Boko Haram's banking system is financing deadly terrorist attacks

Boko Haram lends money to local people in exchange for fees and an ownership stake. This is a way to finance the terrorist organization's deadly attacks. Pictured: The result of the Boko Haram bomb attack in the city of Jos in Nigeria, 2014. Photo: Diariocritico de Venezuela. Source: Flickr.

Of: Jill Karlström Thunberg

The terrorist organization Boko Haram works like a bank that invests in smaller villages in Nigeria. This finances the deadly attacks and kidnappings that have plagued the country for almost 12 years. A major underlying cause of the problem is the local population's lack of confidence in the government.

April 16, 2021, News

Police brutality in Nigeria is a global phenomenon

The demonstrations in Africa's most populous city in Nigeria. Photo: Jerry Jallo

The demonstrations in Africa's most populous city in Nigeria. Photo: Jerry Jallo

Of: Melanie Alphonse

Demonstrations in Nigeria against police brutality and corruption in the autumn of 2020 resulted in the majority of deaths and arrests. However, the debate on police brutality and violence is not just about Nigeria, it exists globally and affects most countries, all of which seem to suffer from several common factors.

February 3, 2021, Analysis

The demonstrations in Nigeria - more than protests against police violence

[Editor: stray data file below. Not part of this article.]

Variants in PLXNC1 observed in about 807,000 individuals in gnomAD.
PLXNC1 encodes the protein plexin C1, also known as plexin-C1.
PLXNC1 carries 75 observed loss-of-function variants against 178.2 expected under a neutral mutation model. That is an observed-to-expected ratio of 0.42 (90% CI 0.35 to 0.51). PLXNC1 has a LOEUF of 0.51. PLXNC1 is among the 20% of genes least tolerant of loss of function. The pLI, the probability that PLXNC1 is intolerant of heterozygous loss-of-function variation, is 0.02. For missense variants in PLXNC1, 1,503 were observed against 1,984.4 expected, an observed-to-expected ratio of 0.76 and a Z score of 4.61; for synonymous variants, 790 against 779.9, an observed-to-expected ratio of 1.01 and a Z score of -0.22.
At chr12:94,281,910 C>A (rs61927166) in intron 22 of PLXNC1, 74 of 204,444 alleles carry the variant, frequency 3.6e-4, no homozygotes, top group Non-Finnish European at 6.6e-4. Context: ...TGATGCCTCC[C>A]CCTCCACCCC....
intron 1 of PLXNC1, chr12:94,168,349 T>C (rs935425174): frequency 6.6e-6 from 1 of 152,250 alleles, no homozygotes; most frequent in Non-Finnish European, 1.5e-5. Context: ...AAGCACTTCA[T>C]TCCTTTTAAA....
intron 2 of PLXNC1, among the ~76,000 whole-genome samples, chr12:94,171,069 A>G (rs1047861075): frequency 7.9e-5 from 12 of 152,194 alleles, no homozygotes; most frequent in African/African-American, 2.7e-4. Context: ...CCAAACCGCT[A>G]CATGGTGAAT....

Photo: Paul Becker / Becker1999,

Of: Mickey Thor

In the past month, tens of thousands of people have demonstrated in Nigeria's capital Abuja and the trade hub of Lagos. The protests go by the name EndSars and are aimed at the police unit Special Anti-Robbery Squad which has been accused of violent methods and corruption. The development magazine has talked to Leah Okenwa Emegwa, associate professor of public health science at the University of the Red Cross and originally from Nigeria, about the situation.

November 23, 2020, Interview

Droughts and climate change are drivers of religious extremism

The overlapping causes of Lake Chad's humanitarian crisis pose a big challenge to the international community. Photo: EC / ECHO / Anouk Delafortrie, Flickr.

Of: Johanna Caminati Engström

As Boko Haram keeps making the news headlines and with 10.7 million people in urgent need of humanitarian assistance, the crisis in the Lake Chad basin is alarming. Drought, climate change, corrupt governance and religious extremism are just some of the overlapping challenges that the international community faces.

June 17, 2019, Paper, English, Magazine